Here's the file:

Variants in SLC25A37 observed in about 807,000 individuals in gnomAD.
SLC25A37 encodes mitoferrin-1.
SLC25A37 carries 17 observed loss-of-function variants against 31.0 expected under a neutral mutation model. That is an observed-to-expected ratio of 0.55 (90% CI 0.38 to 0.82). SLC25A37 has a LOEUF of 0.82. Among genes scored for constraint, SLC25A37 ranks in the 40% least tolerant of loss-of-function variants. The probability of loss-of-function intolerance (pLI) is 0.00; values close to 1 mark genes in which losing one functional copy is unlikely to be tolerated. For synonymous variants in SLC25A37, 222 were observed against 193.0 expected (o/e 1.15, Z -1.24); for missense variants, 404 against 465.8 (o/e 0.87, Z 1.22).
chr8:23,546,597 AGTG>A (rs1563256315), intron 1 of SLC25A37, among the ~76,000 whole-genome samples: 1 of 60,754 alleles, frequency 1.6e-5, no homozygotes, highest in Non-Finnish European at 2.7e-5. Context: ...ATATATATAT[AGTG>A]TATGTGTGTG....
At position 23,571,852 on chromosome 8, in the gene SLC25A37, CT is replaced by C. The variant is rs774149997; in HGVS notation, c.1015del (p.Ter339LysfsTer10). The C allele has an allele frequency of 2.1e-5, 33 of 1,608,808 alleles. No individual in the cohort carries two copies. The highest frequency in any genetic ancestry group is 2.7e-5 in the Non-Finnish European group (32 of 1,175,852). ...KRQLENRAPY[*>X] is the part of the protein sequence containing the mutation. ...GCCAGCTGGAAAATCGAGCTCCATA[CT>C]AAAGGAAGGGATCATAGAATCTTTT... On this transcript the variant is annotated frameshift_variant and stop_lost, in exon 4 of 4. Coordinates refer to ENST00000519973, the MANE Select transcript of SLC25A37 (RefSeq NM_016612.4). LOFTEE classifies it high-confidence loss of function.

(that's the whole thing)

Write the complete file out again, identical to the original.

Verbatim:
Variants in SLC25A37 observed in about 807,000 individuals in gnomAD.
SLC25A37 encodes mitoferrin-1.
SLC25A37 carries 17 observed loss-of-function variants against 31.0 expected under a neutral mutation model. That is an observed-to-expected ratio of 0.55 (90% CI 0.38 to 0.82). SLC25A37 has a LOEUF of 0.82. Among genes scored for constraint, SLC25A37 ranks in the 40% least tolerant of loss-of-function variants. The probability of loss-of-function intolerance (pLI) is 0.00; values close to 1 mark genes in which losing one functional copy is unlikely to be tolerated. For synonymous variants in SLC25A37, 222 were observed against 193.0 expected (o/e 1.15, Z -1.24); for missense variants, 404 against 465.8 (o/e 0.87, Z 1.22).
chr8:23,546,597 AGTG>A (rs1563256315), intron 1 of SLC25A37, among the ~76,000 whole-genome samples: 1 of 60,754 alleles, frequency 1.6e-5, no homozygotes, highest in Non-Finnish European at 2.7e-5. Context: ...ATATATATAT[AGTG>A]TATGTGTGTG....
At position 23,571,852 on chromosome 8, in the gene SLC25A37, CT is replaced by C. The variant is rs774149997; in HGVS notation, c.1015del (p.Ter339LysfsTer10). The C allele has an allele frequency of 2.1e-5, 33 of 1,608,808 alleles. No individual in the cohort carries two copies. The highest frequency in any genetic ancestry group is 2.7e-5 in the Non-Finnish European group (32 of 1,175,852). ...KRQLENRAPY[*>X] is the part of the protein sequence containing the mutation. ...GCCAGCTGGAAAATCGAGCTCCATA[CT>C]AAAGGAAGGGATCATAGAATCTTTT... On this transcript the variant is annotated frameshift_variant and stop_lost, in exon 4 of 4. Coordinates refer to ENST00000519973, the MANE Select transcript of SLC25A37 (RefSeq NM_016612.4). LOFTEE classifies it high-confidence loss of function.